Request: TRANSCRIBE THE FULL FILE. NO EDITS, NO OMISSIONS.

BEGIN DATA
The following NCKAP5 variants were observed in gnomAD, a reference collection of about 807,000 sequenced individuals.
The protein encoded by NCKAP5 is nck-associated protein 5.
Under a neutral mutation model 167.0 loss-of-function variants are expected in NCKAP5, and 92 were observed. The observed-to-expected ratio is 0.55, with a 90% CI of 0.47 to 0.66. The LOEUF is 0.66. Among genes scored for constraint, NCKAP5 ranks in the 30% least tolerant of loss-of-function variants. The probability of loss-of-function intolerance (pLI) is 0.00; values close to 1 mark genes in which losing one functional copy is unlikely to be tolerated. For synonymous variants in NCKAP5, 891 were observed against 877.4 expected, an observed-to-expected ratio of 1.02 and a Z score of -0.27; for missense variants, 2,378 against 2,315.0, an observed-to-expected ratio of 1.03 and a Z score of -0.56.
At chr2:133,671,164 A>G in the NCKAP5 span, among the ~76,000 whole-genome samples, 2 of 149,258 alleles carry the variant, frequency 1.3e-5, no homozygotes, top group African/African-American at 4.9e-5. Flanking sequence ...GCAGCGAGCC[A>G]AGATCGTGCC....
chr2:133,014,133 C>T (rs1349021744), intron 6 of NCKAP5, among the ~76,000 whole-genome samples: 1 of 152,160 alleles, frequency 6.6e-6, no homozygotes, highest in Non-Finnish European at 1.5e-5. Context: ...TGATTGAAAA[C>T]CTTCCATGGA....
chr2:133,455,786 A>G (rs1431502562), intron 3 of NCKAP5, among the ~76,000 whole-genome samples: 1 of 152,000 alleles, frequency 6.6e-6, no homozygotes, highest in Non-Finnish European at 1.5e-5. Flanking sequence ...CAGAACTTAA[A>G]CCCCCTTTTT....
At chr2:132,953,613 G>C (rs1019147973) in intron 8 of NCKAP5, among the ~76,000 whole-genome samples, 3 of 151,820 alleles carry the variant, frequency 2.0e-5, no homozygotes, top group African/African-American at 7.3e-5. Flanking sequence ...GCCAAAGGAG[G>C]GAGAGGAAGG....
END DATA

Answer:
The following NCKAP5 variants were observed in gnomAD, a reference collection of about 807,000 sequenced individuals.
The protein encoded by NCKAP5 is nck-associated protein 5.
Under a neutral mutation model 167.0 loss-of-function variants are expected in NCKAP5, and 92 were observed. The observed-to-expected ratio is 0.55, with a 90% CI of 0.47 to 0.66. The LOEUF is 0.66. Among genes scored for constraint, NCKAP5 ranks in the 30% least tolerant of loss-of-function variants. The probability of loss-of-function intolerance (pLI) is 0.00; values close to 1 mark genes in which losing one functional copy is unlikely to be tolerated. For synonymous variants in NCKAP5, 891 were observed against 877.4 expected, an observed-to-expected ratio of 1.02 and a Z score of -0.27; for missense variants, 2,378 against 2,315.0, an observed-to-expected ratio of 1.03 and a Z score of -0.56.
At chr2:133,671,164 A>G in the NCKAP5 span, among the ~76,000 whole-genome samples, 2 of 149,258 alleles carry the variant, frequency 1.3e-5, no homozygotes, top group African/African-American at 4.9e-5. Flanking sequence ...GCAGCGAGCC[A>G]AGATCGTGCC....
chr2:133,014,133 C>T (rs1349021744), intron 6 of NCKAP5, among the ~76,000 whole-genome samples: 1 of 152,160 alleles, frequency 6.6e-6, no homozygotes, highest in Non-Finnish European at 1.5e-5. Context: ...TGATTGAAAA[C>T]CTTCCATGGA....
chr2:133,455,786 A>G (rs1431502562), intron 3 of NCKAP5, among the ~76,000 whole-genome samples: 1 of 152,000 alleles, frequency 6.6e-6, no homozygotes, highest in Non-Finnish European at 1.5e-5. Flanking sequence ...CAGAACTTAA[A>G]CCCCCTTTTT....
At chr2:132,953,613 G>C (rs1019147973) in intron 8 of NCKAP5, among the ~76,000 whole-genome samples, 3 of 151,820 alleles carry the variant, frequency 2.0e-5, no homozygotes, top group African/African-American at 7.3e-5. Flanking sequence ...GCCAAAGGAG[G>C]GAGAGGAAGG....